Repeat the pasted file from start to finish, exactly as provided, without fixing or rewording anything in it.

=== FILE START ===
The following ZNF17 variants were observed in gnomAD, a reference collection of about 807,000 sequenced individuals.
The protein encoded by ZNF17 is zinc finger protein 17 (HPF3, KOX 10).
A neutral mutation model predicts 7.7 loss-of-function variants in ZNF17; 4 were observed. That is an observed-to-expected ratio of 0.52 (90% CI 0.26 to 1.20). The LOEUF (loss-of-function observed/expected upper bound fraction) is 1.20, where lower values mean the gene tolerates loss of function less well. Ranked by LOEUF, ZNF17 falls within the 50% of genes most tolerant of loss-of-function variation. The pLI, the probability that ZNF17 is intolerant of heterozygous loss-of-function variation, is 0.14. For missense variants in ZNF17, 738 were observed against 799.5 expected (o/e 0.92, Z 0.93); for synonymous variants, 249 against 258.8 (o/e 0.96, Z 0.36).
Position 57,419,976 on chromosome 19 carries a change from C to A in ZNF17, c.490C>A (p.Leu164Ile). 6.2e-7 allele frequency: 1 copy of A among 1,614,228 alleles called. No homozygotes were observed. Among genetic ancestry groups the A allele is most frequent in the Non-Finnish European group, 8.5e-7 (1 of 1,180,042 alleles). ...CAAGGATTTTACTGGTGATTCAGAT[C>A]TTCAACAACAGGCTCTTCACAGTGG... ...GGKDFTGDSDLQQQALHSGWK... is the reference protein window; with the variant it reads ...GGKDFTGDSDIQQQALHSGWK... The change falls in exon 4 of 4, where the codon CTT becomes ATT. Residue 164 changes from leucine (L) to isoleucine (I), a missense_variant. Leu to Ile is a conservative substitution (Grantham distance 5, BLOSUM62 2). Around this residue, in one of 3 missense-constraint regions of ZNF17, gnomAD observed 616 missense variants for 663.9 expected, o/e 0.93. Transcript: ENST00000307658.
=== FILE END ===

The following ZNF17 variants were observed in gnomAD, a reference collection of about 807,000 sequenced individuals.
The protein encoded by ZNF17 is zinc finger protein 17 (HPF3, KOX 10).
A neutral mutation model predicts 7.7 loss-of-function variants in ZNF17; 4 were observed. That is an observed-to-expected ratio of 0.52 (90% CI 0.26 to 1.20). The LOEUF (loss-of-function observed/expected upper bound fraction) is 1.20, where lower values mean the gene tolerates loss of function less well. Ranked by LOEUF, ZNF17 falls within the 50% of genes most tolerant of loss-of-function variation. The pLI, the probability that ZNF17 is intolerant of heterozygous loss-of-function variation, is 0.14. For missense variants in ZNF17, 738 were observed against 799.5 expected (o/e 0.92, Z 0.93); for synonymous variants, 249 against 258.8 (o/e 0.96, Z 0.36).
Position 57,419,976 on chromosome 19 carries a change from C to A in ZNF17, c.490C>A (p.Leu164Ile). 6.2e-7 allele frequency: 1 copy of A among 1,614,228 alleles called. No homozygotes were observed. Among genetic ancestry groups the A allele is most frequent in the Non-Finnish European group, 8.5e-7 (1 of 1,180,042 alleles). ...CAAGGATTTTACTGGTGATTCAGAT[C>A]TTCAACAACAGGCTCTTCACAGTGG... ...GGKDFTGDSDLQQQALHSGWK... is the reference protein window; with the variant it reads ...GGKDFTGDSDIQQQALHSGWK... The change falls in exon 4 of 4, where the codon CTT becomes ATT. Residue 164 changes from leucine (L) to isoleucine (I), a missense_variant. Leu to Ile is a conservative substitution (Grantham distance 5, BLOSUM62 2). Around this residue, in one of 3 missense-constraint regions of ZNF17, gnomAD observed 616 missense variants for 663.9 expected, o/e 0.93. Transcript: ENST00000307658.